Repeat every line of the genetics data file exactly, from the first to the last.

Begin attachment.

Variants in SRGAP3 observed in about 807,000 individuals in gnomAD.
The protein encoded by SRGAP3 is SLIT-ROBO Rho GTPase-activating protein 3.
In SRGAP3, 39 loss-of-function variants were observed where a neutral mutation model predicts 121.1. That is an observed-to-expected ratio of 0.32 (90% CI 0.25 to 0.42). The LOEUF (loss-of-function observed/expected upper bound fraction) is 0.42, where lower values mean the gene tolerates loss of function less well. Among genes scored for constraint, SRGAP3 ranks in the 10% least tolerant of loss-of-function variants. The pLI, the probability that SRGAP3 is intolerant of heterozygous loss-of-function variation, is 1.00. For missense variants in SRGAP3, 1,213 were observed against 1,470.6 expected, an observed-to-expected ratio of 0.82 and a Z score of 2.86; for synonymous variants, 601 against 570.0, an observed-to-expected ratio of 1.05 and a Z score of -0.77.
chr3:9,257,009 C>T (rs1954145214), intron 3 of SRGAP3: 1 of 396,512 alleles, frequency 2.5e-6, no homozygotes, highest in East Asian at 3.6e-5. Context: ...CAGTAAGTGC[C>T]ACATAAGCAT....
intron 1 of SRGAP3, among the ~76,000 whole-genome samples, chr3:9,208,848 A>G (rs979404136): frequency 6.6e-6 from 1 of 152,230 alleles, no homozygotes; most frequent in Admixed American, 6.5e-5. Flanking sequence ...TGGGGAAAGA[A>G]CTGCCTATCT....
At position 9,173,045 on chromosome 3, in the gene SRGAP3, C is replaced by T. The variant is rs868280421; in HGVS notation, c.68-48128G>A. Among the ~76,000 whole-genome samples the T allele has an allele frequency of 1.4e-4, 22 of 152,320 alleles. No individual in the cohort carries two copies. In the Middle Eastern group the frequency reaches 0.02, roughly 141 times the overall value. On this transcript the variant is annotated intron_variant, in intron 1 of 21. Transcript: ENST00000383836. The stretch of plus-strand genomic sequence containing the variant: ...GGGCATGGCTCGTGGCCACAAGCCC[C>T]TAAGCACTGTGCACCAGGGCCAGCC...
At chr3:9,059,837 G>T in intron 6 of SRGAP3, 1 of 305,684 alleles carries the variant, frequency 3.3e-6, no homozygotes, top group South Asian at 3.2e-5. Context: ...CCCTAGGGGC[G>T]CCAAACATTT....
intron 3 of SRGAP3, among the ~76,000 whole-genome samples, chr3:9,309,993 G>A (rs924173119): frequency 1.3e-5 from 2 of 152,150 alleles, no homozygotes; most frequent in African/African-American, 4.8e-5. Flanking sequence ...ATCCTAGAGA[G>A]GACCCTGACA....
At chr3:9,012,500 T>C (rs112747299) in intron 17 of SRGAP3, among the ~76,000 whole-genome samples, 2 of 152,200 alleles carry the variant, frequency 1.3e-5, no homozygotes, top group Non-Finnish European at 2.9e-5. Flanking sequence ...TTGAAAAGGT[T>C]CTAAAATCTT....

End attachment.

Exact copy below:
Variants in SRGAP3 observed in about 807,000 individuals in gnomAD.
The protein encoded by SRGAP3 is SLIT-ROBO Rho GTPase-activating protein 3.
In SRGAP3, 39 loss-of-function variants were observed where a neutral mutation model predicts 121.1. That is an observed-to-expected ratio of 0.32 (90% CI 0.25 to 0.42). The LOEUF (loss-of-function observed/expected upper bound fraction) is 0.42, where lower values mean the gene tolerates loss of function less well. Among genes scored for constraint, SRGAP3 ranks in the 10% least tolerant of loss-of-function variants. The pLI, the probability that SRGAP3 is intolerant of heterozygous loss-of-function variation, is 1.00. For missense variants in SRGAP3, 1,213 were observed against 1,470.6 expected, an observed-to-expected ratio of 0.82 and a Z score of 2.86; for synonymous variants, 601 against 570.0, an observed-to-expected ratio of 1.05 and a Z score of -0.77.
chr3:9,257,009 C>T (rs1954145214), intron 3 of SRGAP3: 1 of 396,512 alleles, frequency 2.5e-6, no homozygotes, highest in East Asian at 3.6e-5. Context: ...CAGTAAGTGC[C>T]ACATAAGCAT....
intron 1 of SRGAP3, among the ~76,000 whole-genome samples, chr3:9,208,848 A>G (rs979404136): frequency 6.6e-6 from 1 of 152,230 alleles, no homozygotes; most frequent in Admixed American, 6.5e-5. Flanking sequence ...TGGGGAAAGA[A>G]CTGCCTATCT....
At position 9,173,045 on chromosome 3, in the gene SRGAP3, C is replaced by T. The variant is rs868280421; in HGVS notation, c.68-48128G>A. Among the ~76,000 whole-genome samples the T allele has an allele frequency of 1.4e-4, 22 of 152,320 alleles. No individual in the cohort carries two copies. In the Middle Eastern group the frequency reaches 0.02, roughly 141 times the overall value. On this transcript the variant is annotated intron_variant, in intron 1 of 21. Transcript: ENST00000383836. The stretch of plus-strand genomic sequence containing the variant: ...GGGCATGGCTCGTGGCCACAAGCCC[C>T]TAAGCACTGTGCACCAGGGCCAGCC...
At chr3:9,059,837 G>T in intron 6 of SRGAP3, 1 of 305,684 alleles carries the variant, frequency 3.3e-6, no homozygotes, top group South Asian at 3.2e-5. Context: ...CCCTAGGGGC[G>T]CCAAACATTT....
intron 3 of SRGAP3, among the ~76,000 whole-genome samples, chr3:9,309,993 G>A (rs924173119): frequency 1.3e-5 from 2 of 152,150 alleles, no homozygotes; most frequent in African/African-American, 4.8e-5. Flanking sequence ...ATCCTAGAGA[G>A]GACCCTGACA....
At chr3:9,012,500 T>C (rs112747299) in intron 17 of SRGAP3, among the ~76,000 whole-genome samples, 2 of 152,200 alleles carry the variant, frequency 1.3e-5, no homozygotes, top group Non-Finnish European at 2.9e-5. Flanking sequence ...TTGAAAAGGT[T>C]CTAAAATCTT....